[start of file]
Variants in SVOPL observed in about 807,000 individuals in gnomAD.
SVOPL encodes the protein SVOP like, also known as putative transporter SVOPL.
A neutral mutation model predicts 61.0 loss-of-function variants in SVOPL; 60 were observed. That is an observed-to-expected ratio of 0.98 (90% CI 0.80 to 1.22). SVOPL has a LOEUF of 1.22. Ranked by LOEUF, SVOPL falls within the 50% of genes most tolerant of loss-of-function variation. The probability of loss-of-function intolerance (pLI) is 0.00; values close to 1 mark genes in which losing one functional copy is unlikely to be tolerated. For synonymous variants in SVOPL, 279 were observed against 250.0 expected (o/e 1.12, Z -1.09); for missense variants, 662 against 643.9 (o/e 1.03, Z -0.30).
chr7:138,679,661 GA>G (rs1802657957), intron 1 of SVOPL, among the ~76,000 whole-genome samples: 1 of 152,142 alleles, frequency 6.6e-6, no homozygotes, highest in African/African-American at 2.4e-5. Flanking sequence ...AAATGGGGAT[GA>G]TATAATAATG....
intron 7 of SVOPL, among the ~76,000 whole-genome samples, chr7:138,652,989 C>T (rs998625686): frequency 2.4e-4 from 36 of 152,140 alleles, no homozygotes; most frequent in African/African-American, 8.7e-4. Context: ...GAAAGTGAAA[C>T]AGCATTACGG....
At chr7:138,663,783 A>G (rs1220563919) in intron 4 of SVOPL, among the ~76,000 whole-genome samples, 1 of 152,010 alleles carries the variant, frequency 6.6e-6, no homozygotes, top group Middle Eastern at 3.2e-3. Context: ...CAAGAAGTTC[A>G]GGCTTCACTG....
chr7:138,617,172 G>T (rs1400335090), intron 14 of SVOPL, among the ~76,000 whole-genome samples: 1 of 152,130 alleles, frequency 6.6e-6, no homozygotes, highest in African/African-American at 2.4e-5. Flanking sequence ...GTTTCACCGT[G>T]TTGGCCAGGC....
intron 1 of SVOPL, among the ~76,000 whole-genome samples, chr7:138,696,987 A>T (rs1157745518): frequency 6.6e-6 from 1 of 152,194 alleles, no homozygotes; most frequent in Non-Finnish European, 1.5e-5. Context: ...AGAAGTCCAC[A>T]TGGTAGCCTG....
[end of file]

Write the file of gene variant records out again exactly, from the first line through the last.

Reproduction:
Variants in SVOPL observed in about 807,000 individuals in gnomAD.
SVOPL encodes the protein SVOP like, also known as putative transporter SVOPL.
A neutral mutation model predicts 61.0 loss-of-function variants in SVOPL; 60 were observed. That is an observed-to-expected ratio of 0.98 (90% CI 0.80 to 1.22). SVOPL has a LOEUF of 1.22. Ranked by LOEUF, SVOPL falls within the 50% of genes most tolerant of loss-of-function variation. The probability of loss-of-function intolerance (pLI) is 0.00; values close to 1 mark genes in which losing one functional copy is unlikely to be tolerated. For synonymous variants in SVOPL, 279 were observed against 250.0 expected (o/e 1.12, Z -1.09); for missense variants, 662 against 643.9 (o/e 1.03, Z -0.30).
chr7:138,679,661 GA>G (rs1802657957), intron 1 of SVOPL, among the ~76,000 whole-genome samples: 1 of 152,142 alleles, frequency 6.6e-6, no homozygotes, highest in African/African-American at 2.4e-5. Flanking sequence ...AAATGGGGAT[GA>G]TATAATAATG....
intron 7 of SVOPL, among the ~76,000 whole-genome samples, chr7:138,652,989 C>T (rs998625686): frequency 2.4e-4 from 36 of 152,140 alleles, no homozygotes; most frequent in African/African-American, 8.7e-4. Context: ...GAAAGTGAAA[C>T]AGCATTACGG....
At chr7:138,663,783 A>G (rs1220563919) in intron 4 of SVOPL, among the ~76,000 whole-genome samples, 1 of 152,010 alleles carries the variant, frequency 6.6e-6, no homozygotes, top group Middle Eastern at 3.2e-3. Context: ...CAAGAAGTTC[A>G]GGCTTCACTG....
chr7:138,617,172 G>T (rs1400335090), intron 14 of SVOPL, among the ~76,000 whole-genome samples: 1 of 152,130 alleles, frequency 6.6e-6, no homozygotes, highest in African/African-American at 2.4e-5. Flanking sequence ...GTTTCACCGT[G>T]TTGGCCAGGC....
intron 1 of SVOPL, among the ~76,000 whole-genome samples, chr7:138,696,987 A>T (rs1157745518): frequency 6.6e-6 from 1 of 152,194 alleles, no homozygotes; most frequent in Non-Finnish European, 1.5e-5. Context: ...AGAAGTCCAC[A>T]TGGTAGCCTG....